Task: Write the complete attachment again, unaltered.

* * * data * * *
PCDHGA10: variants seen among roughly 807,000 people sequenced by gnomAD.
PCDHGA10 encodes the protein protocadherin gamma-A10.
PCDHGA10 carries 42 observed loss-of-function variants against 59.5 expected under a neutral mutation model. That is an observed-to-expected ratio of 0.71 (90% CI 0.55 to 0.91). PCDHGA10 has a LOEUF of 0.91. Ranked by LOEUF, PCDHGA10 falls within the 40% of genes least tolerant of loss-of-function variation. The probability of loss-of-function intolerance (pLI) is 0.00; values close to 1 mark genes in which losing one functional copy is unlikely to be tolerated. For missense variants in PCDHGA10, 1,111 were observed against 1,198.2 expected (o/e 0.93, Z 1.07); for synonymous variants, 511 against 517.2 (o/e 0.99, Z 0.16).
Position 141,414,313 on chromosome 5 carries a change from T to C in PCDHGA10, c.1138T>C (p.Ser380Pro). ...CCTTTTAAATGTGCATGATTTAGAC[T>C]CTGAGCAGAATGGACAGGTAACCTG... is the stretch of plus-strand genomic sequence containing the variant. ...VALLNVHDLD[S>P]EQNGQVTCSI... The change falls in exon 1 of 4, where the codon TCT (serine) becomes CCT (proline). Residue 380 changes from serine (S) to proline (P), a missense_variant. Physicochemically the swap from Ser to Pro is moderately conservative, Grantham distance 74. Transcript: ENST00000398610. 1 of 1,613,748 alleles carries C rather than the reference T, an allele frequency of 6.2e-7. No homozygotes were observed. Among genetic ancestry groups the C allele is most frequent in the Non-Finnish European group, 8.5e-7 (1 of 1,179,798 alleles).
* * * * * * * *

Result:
PCDHGA10: variants seen among roughly 807,000 people sequenced by gnomAD.
PCDHGA10 encodes the protein protocadherin gamma-A10.
PCDHGA10 carries 42 observed loss-of-function variants against 59.5 expected under a neutral mutation model. That is an observed-to-expected ratio of 0.71 (90% CI 0.55 to 0.91). PCDHGA10 has a LOEUF of 0.91. Ranked by LOEUF, PCDHGA10 falls within the 40% of genes least tolerant of loss-of-function variation. The probability of loss-of-function intolerance (pLI) is 0.00; values close to 1 mark genes in which losing one functional copy is unlikely to be tolerated. For missense variants in PCDHGA10, 1,111 were observed against 1,198.2 expected (o/e 0.93, Z 1.07); for synonymous variants, 511 against 517.2 (o/e 0.99, Z 0.16).
Position 141,414,313 on chromosome 5 carries a change from T to C in PCDHGA10, c.1138T>C (p.Ser380Pro). ...CCTTTTAAATGTGCATGATTTAGAC[T>C]CTGAGCAGAATGGACAGGTAACCTG... is the stretch of plus-strand genomic sequence containing the variant. ...VALLNVHDLD[S>P]EQNGQVTCSI... The change falls in exon 1 of 4, where the codon TCT (serine) becomes CCT (proline). Residue 380 changes from serine (S) to proline (P), a missense_variant. Physicochemically the swap from Ser to Pro is moderately conservative, Grantham distance 74. Transcript: ENST00000398610. 1 of 1,613,748 alleles carries C rather than the reference T, an allele frequency of 6.2e-7. No homozygotes were observed. Among genetic ancestry groups the C allele is most frequent in the Non-Finnish European group, 8.5e-7 (1 of 1,179,798 alleles).